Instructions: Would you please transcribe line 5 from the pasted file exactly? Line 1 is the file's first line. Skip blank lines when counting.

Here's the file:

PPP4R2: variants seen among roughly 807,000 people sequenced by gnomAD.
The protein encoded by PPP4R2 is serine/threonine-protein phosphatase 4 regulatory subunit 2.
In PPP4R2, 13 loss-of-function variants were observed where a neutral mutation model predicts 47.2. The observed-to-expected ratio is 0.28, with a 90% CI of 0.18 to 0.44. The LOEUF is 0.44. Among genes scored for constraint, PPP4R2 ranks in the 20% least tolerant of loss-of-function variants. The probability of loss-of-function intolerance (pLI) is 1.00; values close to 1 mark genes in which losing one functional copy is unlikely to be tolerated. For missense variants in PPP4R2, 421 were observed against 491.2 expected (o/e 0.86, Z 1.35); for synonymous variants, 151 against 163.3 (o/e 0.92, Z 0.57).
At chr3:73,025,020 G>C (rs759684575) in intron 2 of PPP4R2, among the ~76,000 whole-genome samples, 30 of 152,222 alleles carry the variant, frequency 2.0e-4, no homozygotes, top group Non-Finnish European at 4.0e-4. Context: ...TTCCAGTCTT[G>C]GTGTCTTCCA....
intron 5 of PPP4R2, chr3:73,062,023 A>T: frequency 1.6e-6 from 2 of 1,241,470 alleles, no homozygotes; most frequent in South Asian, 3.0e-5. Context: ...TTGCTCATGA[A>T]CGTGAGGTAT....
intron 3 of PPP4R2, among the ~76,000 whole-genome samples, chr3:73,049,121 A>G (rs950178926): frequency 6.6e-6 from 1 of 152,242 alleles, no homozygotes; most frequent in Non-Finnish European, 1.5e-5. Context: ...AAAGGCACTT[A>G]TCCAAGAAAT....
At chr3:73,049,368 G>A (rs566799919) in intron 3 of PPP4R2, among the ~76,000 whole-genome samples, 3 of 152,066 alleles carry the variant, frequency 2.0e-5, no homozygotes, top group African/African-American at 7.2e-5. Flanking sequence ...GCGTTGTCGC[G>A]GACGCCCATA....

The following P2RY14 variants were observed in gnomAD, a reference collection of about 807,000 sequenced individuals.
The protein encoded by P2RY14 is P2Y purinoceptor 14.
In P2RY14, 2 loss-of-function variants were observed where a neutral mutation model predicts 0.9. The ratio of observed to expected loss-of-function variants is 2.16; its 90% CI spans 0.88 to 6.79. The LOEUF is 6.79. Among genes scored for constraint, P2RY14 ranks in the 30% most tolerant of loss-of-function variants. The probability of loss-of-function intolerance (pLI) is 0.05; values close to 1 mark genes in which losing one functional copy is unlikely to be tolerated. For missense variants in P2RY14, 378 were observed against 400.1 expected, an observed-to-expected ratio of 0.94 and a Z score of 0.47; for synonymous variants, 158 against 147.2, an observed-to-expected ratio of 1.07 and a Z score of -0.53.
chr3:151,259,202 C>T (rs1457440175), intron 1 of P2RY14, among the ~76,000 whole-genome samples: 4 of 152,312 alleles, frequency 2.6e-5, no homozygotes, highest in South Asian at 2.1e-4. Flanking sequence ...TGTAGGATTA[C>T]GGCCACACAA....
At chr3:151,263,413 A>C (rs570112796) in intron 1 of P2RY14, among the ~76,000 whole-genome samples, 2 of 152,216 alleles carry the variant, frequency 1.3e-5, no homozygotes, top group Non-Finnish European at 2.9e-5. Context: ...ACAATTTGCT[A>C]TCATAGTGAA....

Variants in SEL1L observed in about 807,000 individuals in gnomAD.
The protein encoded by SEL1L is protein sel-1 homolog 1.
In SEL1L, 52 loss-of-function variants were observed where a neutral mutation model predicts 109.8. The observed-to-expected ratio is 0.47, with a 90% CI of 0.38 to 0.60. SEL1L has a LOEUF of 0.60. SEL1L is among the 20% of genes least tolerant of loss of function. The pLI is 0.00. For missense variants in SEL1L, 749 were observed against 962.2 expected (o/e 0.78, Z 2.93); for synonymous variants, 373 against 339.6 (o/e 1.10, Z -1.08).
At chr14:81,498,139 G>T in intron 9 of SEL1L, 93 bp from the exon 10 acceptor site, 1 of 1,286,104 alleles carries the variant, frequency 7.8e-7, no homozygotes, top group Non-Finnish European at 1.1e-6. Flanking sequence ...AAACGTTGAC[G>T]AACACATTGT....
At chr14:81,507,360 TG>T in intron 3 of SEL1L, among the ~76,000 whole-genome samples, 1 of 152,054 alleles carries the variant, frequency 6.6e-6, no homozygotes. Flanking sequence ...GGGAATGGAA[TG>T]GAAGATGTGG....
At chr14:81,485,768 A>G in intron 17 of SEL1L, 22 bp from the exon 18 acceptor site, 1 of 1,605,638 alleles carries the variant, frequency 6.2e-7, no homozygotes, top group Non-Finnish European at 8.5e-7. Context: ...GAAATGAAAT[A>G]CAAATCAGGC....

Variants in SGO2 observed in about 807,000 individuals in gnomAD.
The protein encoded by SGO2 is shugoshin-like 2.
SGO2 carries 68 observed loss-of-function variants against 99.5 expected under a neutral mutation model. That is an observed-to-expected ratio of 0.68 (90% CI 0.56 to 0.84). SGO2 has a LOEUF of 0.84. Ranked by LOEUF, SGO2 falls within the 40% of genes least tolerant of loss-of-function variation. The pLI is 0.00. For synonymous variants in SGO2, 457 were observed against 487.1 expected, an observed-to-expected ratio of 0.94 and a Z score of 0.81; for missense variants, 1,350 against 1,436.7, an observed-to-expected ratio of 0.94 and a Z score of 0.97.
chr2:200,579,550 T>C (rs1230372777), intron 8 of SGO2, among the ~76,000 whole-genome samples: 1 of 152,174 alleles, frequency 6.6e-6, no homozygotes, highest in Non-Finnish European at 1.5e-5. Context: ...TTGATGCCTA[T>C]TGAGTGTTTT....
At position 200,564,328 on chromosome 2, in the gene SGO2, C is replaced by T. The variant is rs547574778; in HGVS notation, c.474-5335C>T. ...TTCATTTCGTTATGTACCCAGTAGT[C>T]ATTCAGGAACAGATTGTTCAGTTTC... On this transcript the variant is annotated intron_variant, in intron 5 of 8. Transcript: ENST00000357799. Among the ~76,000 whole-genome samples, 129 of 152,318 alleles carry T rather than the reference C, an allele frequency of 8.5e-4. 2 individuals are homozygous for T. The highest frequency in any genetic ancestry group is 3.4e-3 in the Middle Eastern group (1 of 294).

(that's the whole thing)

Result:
intron 5 of PPP4R2, chr3:73,062,023 A>T: frequency 1.6e-6 from 2 of 1,241,470 alleles, no homozygotes; most frequent in South Asian, 3.0e-5. Context: ...TTGCTCATGA[A>T]CGTGAGGTAT....